U.S. House rep introduces Taiwan defense bill amid military tensions

07/03/2020 06:02 PM
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The Capital Hill. / CNA file photo
The Capital Hill. / CNA file photo

Washington, July 2 (CNA) United States Representative Mike Gallagher introduced the House version of the Taiwan Defense Act (TDA) on Wednesday amid Beijing's increased military activities around Taiwan, according to a press release issued by the congressman's office.

The bill would ensure that the U.S. is able to continue meeting its obligations under the Taiwan Relations Act (TRA) in the face of the Chinese Communist Party's aggressive military build-up, the press release said.

The TRA, enacted by Congress in 1979 after the U.S. established diplomatic relations with the People's Republic of China (PRC), is aimed at ensuring the continuation of substantial de facto diplomatic and economic relations between the U.S. and Taiwan. It also includes a pledge to provide sufficient defense weapons and services to Taiwan to enable it to defend itself.

While the Act does not guarantee Washington will come to Taiwan's defense if the PRC attacks Taiwan, it also does not say the U.S. gives up the choice to intervene militarily.

"Yesterday, we saw the Chinese Communist Party (CCP) end one country, two systems. No longer can anyone harbor the illusion that the CCP would unify peacefully with Taiwan," Gallagher was quoted in the press statement as saying.

He was referring to China's passage of a national security law for the former British colony Hong Kong on Tuesday which immediately went into effect. Some sectors feared it could be used to persecute pro-democracy protesters, activists and dissidents, and lead to an erosion of the territory's promised autonomy and freedoms.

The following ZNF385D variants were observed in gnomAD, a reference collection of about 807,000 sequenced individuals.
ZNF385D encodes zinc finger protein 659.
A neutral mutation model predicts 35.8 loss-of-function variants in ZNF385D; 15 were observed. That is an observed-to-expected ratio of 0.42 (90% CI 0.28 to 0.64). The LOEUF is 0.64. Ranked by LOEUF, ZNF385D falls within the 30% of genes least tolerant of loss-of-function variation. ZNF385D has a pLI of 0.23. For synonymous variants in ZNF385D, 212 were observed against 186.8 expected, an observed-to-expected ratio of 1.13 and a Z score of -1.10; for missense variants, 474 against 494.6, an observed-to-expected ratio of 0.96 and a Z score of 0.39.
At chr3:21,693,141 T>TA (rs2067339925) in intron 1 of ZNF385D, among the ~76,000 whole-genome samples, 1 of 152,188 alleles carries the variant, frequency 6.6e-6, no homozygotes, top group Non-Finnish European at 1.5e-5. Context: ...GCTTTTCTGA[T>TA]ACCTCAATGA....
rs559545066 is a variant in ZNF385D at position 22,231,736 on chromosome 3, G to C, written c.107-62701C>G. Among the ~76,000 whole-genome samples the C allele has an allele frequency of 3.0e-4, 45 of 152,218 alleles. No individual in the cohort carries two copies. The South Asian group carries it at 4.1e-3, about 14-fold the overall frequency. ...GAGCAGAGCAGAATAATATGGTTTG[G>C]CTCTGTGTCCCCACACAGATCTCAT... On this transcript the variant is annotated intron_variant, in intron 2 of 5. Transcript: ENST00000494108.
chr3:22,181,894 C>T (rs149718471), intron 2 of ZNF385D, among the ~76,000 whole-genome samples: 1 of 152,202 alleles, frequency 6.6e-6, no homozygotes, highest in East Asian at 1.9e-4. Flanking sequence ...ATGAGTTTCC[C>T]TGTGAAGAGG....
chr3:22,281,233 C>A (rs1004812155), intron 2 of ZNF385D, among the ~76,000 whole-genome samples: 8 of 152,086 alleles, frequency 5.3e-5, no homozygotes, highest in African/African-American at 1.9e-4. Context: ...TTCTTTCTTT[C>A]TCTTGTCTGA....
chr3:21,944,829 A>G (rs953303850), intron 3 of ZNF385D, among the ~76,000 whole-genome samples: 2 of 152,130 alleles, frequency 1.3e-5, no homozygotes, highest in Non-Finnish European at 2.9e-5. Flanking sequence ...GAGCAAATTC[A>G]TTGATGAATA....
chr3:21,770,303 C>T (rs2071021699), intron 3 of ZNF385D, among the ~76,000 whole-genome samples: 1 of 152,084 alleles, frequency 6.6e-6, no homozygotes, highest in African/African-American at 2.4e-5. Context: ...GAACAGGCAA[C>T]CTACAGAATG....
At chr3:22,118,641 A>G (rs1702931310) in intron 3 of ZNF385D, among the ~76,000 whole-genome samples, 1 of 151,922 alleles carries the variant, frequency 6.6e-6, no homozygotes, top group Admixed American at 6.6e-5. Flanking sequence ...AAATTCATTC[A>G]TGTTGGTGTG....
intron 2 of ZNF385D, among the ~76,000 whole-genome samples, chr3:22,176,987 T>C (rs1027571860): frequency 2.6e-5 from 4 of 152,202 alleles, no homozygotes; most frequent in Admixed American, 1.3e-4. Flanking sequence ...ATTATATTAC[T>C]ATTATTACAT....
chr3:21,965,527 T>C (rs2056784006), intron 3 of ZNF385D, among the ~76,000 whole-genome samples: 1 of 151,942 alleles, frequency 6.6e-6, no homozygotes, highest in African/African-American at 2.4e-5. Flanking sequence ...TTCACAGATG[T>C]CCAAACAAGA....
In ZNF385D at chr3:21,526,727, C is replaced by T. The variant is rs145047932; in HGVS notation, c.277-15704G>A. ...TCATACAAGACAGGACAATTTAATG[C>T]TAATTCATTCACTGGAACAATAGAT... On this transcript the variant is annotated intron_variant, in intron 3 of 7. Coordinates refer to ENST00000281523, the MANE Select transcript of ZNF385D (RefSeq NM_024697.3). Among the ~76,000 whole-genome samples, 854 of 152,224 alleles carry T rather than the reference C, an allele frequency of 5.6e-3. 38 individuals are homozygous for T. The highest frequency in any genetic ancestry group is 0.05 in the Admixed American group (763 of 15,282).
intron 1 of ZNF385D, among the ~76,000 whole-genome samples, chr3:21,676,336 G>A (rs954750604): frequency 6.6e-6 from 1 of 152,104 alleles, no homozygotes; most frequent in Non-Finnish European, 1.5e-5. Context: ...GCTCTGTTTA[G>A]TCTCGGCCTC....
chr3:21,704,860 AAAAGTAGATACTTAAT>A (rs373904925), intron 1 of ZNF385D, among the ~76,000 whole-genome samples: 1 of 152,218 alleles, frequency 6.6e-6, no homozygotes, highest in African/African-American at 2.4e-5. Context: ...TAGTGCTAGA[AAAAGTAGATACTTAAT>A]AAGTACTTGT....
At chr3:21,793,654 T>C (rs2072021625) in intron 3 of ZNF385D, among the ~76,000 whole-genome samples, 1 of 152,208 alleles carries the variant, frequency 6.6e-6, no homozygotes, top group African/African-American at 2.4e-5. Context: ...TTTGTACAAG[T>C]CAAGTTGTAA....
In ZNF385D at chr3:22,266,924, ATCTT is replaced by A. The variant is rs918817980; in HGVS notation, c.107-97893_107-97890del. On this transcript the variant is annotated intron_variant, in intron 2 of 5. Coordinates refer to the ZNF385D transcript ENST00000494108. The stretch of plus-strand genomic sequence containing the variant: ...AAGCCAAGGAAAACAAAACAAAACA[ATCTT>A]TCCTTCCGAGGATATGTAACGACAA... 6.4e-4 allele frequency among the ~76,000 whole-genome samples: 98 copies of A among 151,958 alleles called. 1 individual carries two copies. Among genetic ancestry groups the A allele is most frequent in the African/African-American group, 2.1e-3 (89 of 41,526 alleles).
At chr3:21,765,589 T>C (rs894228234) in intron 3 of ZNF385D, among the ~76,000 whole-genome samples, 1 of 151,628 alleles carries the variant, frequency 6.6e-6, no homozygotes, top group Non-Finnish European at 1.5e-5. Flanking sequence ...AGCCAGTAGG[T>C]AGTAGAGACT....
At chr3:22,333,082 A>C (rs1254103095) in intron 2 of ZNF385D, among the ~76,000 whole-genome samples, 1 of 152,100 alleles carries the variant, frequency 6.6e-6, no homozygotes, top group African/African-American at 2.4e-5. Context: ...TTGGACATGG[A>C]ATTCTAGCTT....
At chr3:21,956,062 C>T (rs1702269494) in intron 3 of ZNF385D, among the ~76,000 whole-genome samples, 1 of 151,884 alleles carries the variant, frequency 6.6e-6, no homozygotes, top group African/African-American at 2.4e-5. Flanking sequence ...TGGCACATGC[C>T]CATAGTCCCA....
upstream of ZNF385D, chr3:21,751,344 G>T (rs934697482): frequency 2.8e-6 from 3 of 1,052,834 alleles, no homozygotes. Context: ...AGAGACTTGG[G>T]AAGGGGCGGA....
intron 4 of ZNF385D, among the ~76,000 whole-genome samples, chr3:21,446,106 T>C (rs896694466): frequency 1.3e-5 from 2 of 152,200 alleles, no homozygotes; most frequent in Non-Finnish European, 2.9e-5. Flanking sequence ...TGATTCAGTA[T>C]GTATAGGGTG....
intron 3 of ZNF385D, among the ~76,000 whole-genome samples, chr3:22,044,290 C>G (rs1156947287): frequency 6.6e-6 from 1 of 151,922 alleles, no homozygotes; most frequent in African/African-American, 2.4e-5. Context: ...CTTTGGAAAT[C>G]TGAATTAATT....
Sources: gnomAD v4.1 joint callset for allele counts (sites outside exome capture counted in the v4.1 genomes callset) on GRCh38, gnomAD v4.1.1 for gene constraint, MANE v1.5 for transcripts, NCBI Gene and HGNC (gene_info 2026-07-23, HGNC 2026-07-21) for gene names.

China's leaders have also proposed using the one country two systems formula to peacefully reunify with Taiwan, a proposal the Taiwanese government and people have rejected.

"It's long past time to end strategic ambiguity and draw a clear red line through the Taiwan Strait. Taiwan's liberty is a vital national security interest of the United States, and the Taiwan Defense Act helps ensure our military has the capabilities it needs to block CCP aggression," Gallagher said.

The TDA is aimed at maintaining the U.S. military's capabilities to defeat an attempt by China to execute a "fait accompli" against Taiwan, according to its authors.

The draft bill states that "fait accompli" refers to Beijing's strategy to forcibly seize control of Taiwan before the U.S. is able to respond effectively, while convincing the U.S. that mounting such a response would be prohibitively difficult or costly.

The draft legislation also requires the U.S. secretary of defense to submit a report on the progress of the Department of Defense with respect to denying a "fait accompli" by China against Taiwan. The report is supposed to be submitted no later than April 30 each year, beginning in 2021 and ending in 2026.

The House version of TDA was introduced on the same day when China launched a five-day naval exercise near the contested Paracel Islands in the South China Sea to test its ability to seize islands.

Aside from the closely watched naval exercise, Chinese military aircraft and ships have also been detected more frequently near Taiwan's airspace and waters since President Tsai Ing-wen (蔡英文) took office in 2016.

U.S. Senator Josh Hawley, who introduced an identical legislation in the Senate on June 10, warned in the same press release that the CCP will dominate the region if it is allowed to seize control of Taiwan.

"This would pose an unacceptable threat to the lives and livelihoods not just of our Asian allies and partners, but of working Americans here at home," he added. "We must not allow that to happen."

China's leaders have repeatedly said it prefers peaceful reunification with Taiwan, but has also firmly indicated it will not give up the use of force to reunify with Taiwan and prevent its formal independence.

Beijing has stepped up military maneuvers near Taiwan amid rising tensions between the two sides in recent years.

(By Chiang Chin-yeh and Emerson Lim)

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